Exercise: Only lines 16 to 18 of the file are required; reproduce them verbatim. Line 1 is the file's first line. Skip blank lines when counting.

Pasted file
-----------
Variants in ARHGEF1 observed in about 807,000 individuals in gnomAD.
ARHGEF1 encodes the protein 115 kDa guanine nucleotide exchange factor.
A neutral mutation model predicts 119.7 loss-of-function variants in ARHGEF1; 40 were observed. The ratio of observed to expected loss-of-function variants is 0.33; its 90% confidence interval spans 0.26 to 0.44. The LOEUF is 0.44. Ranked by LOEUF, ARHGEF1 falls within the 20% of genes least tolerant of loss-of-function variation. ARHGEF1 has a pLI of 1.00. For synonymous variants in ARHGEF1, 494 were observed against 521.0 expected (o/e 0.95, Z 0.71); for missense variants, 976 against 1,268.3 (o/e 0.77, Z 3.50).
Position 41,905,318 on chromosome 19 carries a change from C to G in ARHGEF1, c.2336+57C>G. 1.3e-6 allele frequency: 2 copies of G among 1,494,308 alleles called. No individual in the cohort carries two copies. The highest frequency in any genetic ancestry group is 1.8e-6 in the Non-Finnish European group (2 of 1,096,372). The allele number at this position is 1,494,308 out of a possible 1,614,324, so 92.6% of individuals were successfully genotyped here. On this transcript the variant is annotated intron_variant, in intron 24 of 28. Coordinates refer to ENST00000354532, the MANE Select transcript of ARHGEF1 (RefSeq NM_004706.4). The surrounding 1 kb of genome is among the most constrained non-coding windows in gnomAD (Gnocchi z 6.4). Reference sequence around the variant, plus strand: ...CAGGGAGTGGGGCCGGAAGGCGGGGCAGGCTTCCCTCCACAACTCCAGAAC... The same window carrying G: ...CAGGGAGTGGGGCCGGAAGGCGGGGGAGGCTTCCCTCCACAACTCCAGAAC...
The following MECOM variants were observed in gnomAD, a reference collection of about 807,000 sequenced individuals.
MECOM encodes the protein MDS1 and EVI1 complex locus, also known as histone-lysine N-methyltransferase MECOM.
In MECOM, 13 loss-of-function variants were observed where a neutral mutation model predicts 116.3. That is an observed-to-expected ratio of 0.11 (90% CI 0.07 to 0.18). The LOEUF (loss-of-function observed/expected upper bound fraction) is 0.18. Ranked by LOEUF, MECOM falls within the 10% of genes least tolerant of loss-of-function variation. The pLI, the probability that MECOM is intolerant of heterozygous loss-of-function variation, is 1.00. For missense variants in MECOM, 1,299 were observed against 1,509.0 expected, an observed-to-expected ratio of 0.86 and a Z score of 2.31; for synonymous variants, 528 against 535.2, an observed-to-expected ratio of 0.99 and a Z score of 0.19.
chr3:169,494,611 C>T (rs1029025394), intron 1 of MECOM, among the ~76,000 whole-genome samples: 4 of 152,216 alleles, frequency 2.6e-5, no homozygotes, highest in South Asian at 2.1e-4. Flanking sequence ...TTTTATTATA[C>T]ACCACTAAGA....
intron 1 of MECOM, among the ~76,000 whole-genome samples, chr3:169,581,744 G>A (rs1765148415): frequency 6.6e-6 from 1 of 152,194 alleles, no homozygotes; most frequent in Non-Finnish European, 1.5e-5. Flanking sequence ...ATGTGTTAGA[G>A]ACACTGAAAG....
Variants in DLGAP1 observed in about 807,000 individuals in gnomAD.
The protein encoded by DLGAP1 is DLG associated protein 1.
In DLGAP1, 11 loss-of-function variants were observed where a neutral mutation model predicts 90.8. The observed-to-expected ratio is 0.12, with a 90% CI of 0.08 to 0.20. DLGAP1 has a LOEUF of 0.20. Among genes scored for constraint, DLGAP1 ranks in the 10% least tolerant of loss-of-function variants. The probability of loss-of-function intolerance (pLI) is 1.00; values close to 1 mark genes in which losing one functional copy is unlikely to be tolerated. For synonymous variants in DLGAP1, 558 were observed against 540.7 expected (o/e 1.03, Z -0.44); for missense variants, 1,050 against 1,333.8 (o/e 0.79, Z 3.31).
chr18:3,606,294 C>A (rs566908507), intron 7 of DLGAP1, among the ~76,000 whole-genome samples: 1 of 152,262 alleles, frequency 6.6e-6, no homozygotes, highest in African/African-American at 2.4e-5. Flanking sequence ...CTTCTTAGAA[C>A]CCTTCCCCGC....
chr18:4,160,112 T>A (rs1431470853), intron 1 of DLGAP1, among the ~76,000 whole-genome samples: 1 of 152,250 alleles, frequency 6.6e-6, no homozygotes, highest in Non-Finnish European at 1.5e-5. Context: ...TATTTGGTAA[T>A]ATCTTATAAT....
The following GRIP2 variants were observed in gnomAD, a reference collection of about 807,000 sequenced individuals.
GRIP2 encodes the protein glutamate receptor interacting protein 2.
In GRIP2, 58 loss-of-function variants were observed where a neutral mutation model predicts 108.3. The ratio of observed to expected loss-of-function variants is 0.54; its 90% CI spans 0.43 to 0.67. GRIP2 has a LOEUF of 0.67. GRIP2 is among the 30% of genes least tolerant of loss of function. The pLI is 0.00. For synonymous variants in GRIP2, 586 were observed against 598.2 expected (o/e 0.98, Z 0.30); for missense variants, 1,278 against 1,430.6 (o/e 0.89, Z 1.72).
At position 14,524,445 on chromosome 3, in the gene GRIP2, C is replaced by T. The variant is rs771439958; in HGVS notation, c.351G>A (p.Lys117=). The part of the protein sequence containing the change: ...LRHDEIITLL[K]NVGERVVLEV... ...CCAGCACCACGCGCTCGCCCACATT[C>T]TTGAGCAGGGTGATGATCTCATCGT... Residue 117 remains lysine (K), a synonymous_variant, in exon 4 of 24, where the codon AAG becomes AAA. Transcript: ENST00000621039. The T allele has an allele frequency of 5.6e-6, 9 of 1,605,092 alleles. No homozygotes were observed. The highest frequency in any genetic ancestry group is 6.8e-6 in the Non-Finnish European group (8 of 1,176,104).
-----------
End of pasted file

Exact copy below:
GRIP2 encodes the protein glutamate receptor interacting protein 2.
In GRIP2, 58 loss-of-function variants were observed where a neutral mutation model predicts 108.3. The ratio of observed to expected loss-of-function variants is 0.54; its 90% CI spans 0.43 to 0.67. GRIP2 has a LOEUF of 0.67. GRIP2 is among the 30% of genes least tolerant of loss of function. The pLI is 0.00. For synonymous variants in GRIP2, 586 were observed against 598.2 expected (o/e 0.98, Z 0.30); for missense variants, 1,278 against 1,430.6 (o/e 0.89, Z 1.72).
At position 14,524,445 on chromosome 3, in the gene GRIP2, C is replaced by T. The variant is rs771439958; in HGVS notation, c.351G>A (p.Lys117=). The part of the protein sequence containing the change: ...LRHDEIITLL[K]NVGERVVLEV... ...CCAGCACCACGCGCTCGCCCACATT[C>T]TTGAGCAGGGTGATGATCTCATCGT... Residue 117 remains lysine (K), a synonymous_variant, in exon 4 of 24, where the codon AAG becomes AAA. Transcript: ENST00000621039. The T allele has an allele frequency of 5.6e-6, 9 of 1,605,092 alleles. No homozygotes were observed. The highest frequency in any genetic ancestry group is 6.8e-6 in the Non-Finnish European group (8 of 1,176,104).